I saw a post on social media that inspired me. And it was the things that women are taught as girls growing up. I remember those lessons. They are as ingrained in my brain as when my parents taught me to cook or my dad taught me about the various tools and how to fix/assemble things as he would with his sons.
I remember them all. The importance of walking with a tall, confident posture because it makes you a less easy target. Holding your keys in your hand so that you can use it to defend yourself. The importance of a buddy system whenever you go out, especially at least another girl to go to the bathroom with you. While boys are not being taught to not rape, girls are forced to learn how to avoid it. Or at least try to. Sometimes, all the preparation in the world doesn’t protect you.
I remember being taught self-defense by my older brother when I was a teenager, my early teens. I remember he told me that this was one of the most important things I would need to learn in life. Mechanically speaking, I could probably severely injure someone if necessary thanks to those lessons. But we’re always taught to be afraid, aren’t we?
It’s always about being on high alert, that anything can happen at any second. We’re taught to be afraid because the unfortunate reality is that people aren’t safe in the world. The world is a terrible place. I have something I can use as a weapon in every room in the house. Why? Because I was taught that I should be afraid of the world.
This isn’t a bad thing, unless you let this fear control your life. These things that we learn are meant to empower us to be strong in the face of this fear. We’re supposed to take the threat of trauma, or our actual trauma, and take away some lesson from it that doesn’t involve blame. We have to take precautions, but knowing that every precaution in the world won’t necessarily protect you is important to not blaming yourself if it does.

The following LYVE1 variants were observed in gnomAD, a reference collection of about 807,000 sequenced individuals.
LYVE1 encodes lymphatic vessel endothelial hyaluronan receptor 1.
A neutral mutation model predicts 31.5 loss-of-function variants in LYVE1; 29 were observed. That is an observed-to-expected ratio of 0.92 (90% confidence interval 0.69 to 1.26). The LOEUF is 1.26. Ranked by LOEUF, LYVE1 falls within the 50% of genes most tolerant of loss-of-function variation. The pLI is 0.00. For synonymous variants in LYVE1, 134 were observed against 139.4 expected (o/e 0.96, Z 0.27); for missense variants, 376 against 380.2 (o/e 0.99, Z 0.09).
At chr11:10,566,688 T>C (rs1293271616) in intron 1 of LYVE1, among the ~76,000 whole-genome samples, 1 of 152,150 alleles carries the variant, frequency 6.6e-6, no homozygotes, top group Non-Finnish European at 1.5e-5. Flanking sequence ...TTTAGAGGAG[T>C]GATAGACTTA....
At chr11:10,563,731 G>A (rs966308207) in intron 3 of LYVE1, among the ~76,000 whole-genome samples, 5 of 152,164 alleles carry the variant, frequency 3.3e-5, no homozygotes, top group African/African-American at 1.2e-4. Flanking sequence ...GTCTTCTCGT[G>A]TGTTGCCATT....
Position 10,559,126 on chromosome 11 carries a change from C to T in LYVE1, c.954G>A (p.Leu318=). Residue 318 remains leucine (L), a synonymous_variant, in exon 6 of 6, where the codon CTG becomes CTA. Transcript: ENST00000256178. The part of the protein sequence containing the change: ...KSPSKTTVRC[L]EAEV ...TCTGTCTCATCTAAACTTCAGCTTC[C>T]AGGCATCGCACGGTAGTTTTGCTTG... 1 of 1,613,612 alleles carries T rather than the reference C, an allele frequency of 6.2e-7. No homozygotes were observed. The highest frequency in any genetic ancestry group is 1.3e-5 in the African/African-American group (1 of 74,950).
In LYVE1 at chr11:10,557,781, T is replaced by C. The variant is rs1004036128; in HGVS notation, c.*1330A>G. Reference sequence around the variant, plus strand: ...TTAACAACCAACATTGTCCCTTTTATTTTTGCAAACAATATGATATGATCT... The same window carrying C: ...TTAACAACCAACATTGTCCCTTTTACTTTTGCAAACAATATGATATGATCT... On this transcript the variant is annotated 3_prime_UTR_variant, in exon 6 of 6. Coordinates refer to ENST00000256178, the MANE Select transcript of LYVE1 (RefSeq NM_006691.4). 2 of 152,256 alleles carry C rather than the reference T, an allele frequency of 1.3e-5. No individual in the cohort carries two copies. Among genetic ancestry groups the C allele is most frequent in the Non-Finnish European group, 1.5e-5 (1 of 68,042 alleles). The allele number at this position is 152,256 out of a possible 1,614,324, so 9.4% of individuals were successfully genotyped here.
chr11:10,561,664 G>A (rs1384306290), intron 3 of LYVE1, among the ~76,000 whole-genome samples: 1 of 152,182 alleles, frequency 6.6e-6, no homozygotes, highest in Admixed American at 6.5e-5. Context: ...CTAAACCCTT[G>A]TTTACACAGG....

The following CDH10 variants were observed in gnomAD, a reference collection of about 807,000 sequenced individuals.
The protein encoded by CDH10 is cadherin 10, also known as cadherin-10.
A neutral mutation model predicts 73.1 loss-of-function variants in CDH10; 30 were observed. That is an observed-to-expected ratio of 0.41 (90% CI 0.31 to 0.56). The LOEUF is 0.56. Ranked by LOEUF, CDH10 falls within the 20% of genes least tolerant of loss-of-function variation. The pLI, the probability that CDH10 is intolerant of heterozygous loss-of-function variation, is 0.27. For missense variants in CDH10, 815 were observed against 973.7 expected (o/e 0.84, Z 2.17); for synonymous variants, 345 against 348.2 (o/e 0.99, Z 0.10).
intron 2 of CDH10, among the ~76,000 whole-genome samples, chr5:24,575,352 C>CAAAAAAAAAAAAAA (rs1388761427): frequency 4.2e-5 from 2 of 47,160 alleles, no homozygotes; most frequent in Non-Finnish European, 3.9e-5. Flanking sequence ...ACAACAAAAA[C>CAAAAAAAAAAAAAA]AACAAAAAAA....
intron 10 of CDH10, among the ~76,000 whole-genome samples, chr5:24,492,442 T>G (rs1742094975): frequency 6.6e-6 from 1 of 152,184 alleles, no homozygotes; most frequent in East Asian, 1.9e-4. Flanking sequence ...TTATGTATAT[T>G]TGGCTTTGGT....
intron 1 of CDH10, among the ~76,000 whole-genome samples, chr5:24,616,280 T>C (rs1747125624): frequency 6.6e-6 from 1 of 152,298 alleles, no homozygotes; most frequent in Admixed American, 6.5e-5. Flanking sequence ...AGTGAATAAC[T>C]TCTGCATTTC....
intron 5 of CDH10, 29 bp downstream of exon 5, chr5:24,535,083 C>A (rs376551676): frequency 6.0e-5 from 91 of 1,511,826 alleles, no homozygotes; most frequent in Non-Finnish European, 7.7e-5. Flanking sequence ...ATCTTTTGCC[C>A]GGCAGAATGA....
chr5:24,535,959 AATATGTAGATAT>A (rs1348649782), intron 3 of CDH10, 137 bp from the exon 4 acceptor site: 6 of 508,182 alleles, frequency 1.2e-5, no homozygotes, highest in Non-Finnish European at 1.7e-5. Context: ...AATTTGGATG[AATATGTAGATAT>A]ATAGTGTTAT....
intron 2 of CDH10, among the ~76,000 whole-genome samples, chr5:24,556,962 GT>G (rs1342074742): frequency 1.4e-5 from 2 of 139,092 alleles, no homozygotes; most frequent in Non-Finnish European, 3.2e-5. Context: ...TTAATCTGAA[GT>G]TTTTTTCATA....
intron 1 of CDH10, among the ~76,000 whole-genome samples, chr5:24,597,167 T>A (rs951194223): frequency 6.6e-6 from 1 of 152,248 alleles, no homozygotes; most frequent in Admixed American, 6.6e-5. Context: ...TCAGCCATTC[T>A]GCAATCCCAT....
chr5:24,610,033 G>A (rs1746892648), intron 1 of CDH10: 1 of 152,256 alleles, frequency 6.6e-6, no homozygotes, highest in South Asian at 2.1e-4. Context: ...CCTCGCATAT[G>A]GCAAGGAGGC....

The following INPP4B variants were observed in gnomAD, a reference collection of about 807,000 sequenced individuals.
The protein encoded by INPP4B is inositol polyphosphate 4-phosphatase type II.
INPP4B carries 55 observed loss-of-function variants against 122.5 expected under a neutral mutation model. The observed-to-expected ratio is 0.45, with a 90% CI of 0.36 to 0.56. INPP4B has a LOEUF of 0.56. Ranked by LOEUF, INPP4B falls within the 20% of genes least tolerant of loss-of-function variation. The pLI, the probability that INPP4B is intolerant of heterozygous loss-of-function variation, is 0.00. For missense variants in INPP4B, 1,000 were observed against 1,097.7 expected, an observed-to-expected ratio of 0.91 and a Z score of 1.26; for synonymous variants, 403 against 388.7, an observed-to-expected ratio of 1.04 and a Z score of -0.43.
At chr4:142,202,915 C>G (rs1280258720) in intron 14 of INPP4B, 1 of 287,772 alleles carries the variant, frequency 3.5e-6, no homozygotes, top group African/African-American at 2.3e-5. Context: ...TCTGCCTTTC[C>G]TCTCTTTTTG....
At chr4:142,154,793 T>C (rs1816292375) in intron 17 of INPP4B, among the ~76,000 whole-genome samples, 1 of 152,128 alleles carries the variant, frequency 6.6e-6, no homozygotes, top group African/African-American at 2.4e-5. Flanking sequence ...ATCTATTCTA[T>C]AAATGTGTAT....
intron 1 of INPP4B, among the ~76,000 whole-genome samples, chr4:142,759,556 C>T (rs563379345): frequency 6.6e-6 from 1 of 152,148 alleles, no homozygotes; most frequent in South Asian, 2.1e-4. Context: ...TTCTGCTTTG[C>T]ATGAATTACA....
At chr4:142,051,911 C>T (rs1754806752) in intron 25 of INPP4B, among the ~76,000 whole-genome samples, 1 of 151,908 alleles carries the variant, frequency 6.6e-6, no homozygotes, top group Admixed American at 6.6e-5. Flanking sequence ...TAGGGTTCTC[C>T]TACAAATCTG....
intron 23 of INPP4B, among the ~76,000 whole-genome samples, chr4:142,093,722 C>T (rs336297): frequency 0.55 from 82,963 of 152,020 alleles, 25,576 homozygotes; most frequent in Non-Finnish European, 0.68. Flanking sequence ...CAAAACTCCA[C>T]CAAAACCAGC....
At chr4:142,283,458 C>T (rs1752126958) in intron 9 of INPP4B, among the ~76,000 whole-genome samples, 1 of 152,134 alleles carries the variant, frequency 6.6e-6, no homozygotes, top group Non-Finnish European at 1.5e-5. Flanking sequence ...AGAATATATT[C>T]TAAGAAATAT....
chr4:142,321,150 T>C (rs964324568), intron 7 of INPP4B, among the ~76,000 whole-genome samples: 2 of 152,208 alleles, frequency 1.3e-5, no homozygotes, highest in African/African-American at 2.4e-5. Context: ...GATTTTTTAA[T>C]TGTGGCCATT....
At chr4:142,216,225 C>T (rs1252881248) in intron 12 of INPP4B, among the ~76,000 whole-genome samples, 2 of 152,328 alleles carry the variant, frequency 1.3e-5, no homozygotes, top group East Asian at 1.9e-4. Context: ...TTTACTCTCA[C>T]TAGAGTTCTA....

The question isn’t about the lessons that girls learn, but what should boys learn? They need to learn about consent. They need to learn acceptable behaviors and how to properly interact with people. When my oldest became old enough to date, we gave him a talk that is almost as important as “The Talk”; one about how not to be a horrible person. We talked to him about how it’s not just “No Means No” but that it means “No” whether you haven’t even started or in the middle of it. How if you don’t get any actual consent of “Yes, this is okay”, then don’t. Someone who is drunk or under the influence can’t consent even if they did. Maybe we should focus less on teaching girls to be afraid and more about teaching our boys to be more respectful. Maybe that’s what our real problem is.